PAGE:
Home

Want my daughter to have better life (vent)

 
Post new topic   Reply to topic    Forum -> Parenting our children


View latest: 24h 48h 72h


amother




OP
 

Post Sat, Sep 18 2021, 9:47 pm
I realize that wanting kids to have a better life than you is normal for parents, this is mostly an anxiety vent.
Full disclosure- my daughter isn't even born yet- IYH, she is due in early December. Ok, here goes:
I'm so freaked out about wanting my daughter to do better. I mean, I did ok, I guess. I have a job that I'm pretty good at, ( I think) I'm a preschool morah, and a husband I love but we have so many problems. My husband is on the autism spectrum and that causes a lot of tension between us over problems seeing eye-to-eye. He can say things that are really hurtful and not understand my reactions. I took a long time getting settled in my job so I don't have a ton of money or feel like my career is where it should be. (Long story short: I'm BT, went to secular college, excelled in athletics and was trying to go pro for awhile before I hit mid 20s and realized I couldn't sustain the lifestyle financially or with my health intact any longer.) I'm a bit frummer than my husband in some regards and we disagree about what community would be right to raise our daughter in. I had a rough childhood- parents had a nasty divorce, mother could be abusive, untreated mental health disorders that plague me to this day.
I want my daughter to do so much better than me. I want her to excel in school and be part of a tight knit frum community. I want her to have more friends and social support and familial support than I had, by leaps and bounds. I don't want her to make the same mistakes I made, whether wasting time on an untenable career or taking so long to come to the realization that following the ways of HaShem is what matters.
I feel like at this point in my life, all that I can do is try to ensure that my daughter has a better one, but I also feel too tired and beaten down to do this. Maybe this is just my post chag feeling- but I don;t think so.
Back to top

amother




Black
 

Post Sat, Sep 18 2021, 10:01 pm
Wow OP your post says so much. First of all, you are juggling so much, and I think you must be very strong to get up every day and do it all over again.
I can relate to the husband thing. Mine never got an official diagnosis, but I can relate to the things you mention.
I have 3 kids. I could have written your post when I was pregnant with my first.
In my opinion, just the fact that you're posting this question shows that you will do better than what you've gotten in your childhood.
I was taking with a friend. We concluded that the best mother is not the one who does everything perfectly, but the one who's ready to admit that she doesn't know everything, and is willing to accept advice, constructive criticism, and always become better.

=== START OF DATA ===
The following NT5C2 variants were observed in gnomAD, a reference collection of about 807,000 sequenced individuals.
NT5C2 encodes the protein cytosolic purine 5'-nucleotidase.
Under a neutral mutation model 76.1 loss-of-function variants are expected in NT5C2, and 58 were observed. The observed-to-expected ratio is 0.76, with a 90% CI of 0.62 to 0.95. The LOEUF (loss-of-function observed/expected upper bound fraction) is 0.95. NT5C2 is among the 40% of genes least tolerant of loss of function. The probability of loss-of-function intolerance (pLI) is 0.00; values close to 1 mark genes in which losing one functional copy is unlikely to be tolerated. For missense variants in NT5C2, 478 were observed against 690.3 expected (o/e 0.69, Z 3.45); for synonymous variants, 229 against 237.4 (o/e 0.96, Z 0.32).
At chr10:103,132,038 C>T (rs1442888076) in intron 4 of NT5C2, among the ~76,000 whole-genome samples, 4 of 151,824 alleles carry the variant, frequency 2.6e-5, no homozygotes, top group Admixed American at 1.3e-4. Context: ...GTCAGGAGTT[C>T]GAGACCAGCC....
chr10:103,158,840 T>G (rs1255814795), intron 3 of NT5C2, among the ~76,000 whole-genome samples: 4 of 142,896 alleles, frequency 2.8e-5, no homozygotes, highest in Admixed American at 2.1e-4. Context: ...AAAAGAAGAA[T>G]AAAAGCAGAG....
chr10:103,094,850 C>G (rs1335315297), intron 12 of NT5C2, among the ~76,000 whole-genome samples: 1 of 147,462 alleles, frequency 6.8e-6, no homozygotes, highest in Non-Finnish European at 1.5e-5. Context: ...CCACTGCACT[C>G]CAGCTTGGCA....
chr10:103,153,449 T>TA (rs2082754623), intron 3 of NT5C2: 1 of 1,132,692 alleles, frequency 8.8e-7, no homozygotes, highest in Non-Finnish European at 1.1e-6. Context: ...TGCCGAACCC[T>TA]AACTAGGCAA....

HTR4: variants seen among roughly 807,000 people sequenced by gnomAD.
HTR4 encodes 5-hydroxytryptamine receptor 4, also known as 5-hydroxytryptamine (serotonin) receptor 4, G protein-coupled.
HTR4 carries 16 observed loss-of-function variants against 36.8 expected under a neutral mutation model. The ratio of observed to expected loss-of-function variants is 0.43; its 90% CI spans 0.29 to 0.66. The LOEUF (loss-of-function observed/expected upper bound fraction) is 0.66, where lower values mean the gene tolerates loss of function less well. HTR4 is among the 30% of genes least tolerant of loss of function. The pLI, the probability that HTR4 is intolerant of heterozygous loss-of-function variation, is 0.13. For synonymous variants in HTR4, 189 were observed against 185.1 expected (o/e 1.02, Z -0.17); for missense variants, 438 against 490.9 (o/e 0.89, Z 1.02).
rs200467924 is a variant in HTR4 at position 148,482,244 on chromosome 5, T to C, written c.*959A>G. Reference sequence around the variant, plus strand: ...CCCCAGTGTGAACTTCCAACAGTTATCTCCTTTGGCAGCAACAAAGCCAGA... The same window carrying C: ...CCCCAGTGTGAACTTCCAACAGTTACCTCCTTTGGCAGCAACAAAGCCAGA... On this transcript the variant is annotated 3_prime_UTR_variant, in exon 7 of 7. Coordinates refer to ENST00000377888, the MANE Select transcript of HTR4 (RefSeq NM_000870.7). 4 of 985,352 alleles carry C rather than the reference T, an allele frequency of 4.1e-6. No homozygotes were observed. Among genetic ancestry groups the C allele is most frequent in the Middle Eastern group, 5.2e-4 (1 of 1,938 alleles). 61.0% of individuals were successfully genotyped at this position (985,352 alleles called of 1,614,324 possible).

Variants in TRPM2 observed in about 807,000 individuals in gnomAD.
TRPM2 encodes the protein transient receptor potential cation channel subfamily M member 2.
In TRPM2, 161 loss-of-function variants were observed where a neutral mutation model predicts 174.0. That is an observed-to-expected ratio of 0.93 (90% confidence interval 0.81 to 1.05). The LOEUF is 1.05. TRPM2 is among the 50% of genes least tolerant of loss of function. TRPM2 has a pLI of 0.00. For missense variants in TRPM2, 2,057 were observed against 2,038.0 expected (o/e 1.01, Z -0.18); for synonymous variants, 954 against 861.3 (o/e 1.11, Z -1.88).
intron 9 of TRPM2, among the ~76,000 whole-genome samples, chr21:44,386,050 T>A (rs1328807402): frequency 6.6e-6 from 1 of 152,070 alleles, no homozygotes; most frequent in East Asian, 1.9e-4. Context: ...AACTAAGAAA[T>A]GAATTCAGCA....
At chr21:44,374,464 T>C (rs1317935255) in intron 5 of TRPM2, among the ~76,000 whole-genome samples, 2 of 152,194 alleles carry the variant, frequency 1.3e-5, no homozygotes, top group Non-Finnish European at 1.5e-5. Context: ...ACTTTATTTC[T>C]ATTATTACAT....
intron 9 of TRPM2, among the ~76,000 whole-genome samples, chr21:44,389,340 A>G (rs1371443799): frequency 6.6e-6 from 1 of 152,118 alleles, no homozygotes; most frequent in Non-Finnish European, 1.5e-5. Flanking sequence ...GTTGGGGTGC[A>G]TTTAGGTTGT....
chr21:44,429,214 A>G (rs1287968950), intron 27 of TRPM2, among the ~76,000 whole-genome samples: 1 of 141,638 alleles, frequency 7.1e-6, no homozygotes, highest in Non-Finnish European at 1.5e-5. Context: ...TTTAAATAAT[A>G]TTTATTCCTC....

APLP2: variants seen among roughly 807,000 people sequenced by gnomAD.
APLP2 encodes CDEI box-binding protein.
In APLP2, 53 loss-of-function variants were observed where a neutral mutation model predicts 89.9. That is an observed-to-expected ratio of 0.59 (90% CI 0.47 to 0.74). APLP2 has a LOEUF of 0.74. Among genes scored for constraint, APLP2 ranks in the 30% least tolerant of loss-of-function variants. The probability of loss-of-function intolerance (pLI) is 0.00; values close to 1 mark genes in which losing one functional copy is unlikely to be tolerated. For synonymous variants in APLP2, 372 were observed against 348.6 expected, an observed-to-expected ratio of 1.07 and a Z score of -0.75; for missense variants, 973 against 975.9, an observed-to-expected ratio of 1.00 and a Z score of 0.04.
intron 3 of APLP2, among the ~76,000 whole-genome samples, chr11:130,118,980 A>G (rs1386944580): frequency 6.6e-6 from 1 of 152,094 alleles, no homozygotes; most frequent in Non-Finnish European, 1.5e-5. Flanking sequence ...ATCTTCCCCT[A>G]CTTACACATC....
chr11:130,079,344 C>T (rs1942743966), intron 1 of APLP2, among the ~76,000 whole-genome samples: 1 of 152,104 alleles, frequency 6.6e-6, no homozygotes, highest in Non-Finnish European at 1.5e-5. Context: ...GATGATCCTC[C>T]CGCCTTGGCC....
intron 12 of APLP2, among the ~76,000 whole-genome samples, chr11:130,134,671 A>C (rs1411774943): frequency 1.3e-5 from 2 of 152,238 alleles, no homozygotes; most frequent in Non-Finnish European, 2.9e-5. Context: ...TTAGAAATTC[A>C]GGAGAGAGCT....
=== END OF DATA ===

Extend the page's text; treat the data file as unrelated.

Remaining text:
There's no way to guarantee our children will have a better life than we will. I'm way healthier than my parents were, and I hope a better mother than mine, and guess what, I have kids who have complicated issues and endured months and years of pain and trauma.
You will do your best, because clearly you want the best for your daughter, and you will use all the power you have to set her on a good path in life, and then you will let go, and get to see how she grows and flourishes into her own person, making choices, succeeding, making mistakes. And you will learn so much from the experience, more than you can ever know now.
I wish you strength and clarity on the wonderful beautiful journey ahead!
Back to top

behappy2




 
 
 
 

Post Sat, Sep 18 2021, 10:04 pm
I think the best gift you can give your child is the best version of you. I would start with getting in touch with myself, healing old sounds, strengthening your relationship with your husband, taking good care of yourself.
Back to top

amother




Peru
 

Post Sat, Sep 18 2021, 10:17 pm
Some things thst jumped out.
You need to be realistic about what you can and cannot have. Ie for a BT family support may not be possible.
Also, you can't have unrealistic expectations. Your daughter may not be academically successful but you can help her be socially and emotionally successful in school.
Separate your desires for your childhood from what being a healthy parent means.
Therapy sounds like a great idea.
And you sound like you'll be a great mother.
Back to top

amother




Hunter
 

Post Sat, Sep 18 2021, 10:31 pm
join a parenting group such as Parenting from the Heart, or Nurtured Parenting, or something like that. The bond you develop starting in utero, is what sets the foundation.

Have you got a doula? or other birthing help planned? So you can have skin-to-skin immediately following birth.

Also, the way newborns are birthed in hospitals often means the cord is cut too soon. So if you can line up the right help, perhaps a midwife or other support person who can assist with these matters, your child will have a great head start. The birthing process is such a vital and often overlooked piece of healthy child development.
Back to top

amother




Azalea
 

Post Sat, Sep 18 2021, 10:39 pm
Pregnancy is not the right time to worry about the future when you are hormonal and anxious as is. Someone told us not to discuss the future plans with dh before the baby is born and years later in hindsight I see how true it is. Take one day at a time trying to be the best healthy happy human you can be. You will cross every bridge when you get there.
Back to top

amother




Sapphire
 

Post Sat, Sep 18 2021, 10:45 pm
I hate to be the negative one here but if you want your daughter to have a good life- protect her from your husband. He will treat her like he treats you.
My father is on the spectrum and my whole life was and is effected by him.
Back to top

amother




Stonewash
 

Post Sun, Sep 19 2021, 12:14 am
Beshaa tova.

First things first. We can do a lot for our kids, but a big part of parenthood is getting out of the way and letting our children grow into the people they were meant to be.

The best thing for your daughter is to have mentally healthy, happily married parents. Do whatever you can to foster that.

Next up is a community that respects and accepts you and your family. (Depending on where you live, that may or may not be the "frummer" community. Keep your eyes open about long term acceptance.) Given that you don't have family support from your side, you'll need to build up an alternative. It can be done, when you find the right place to live.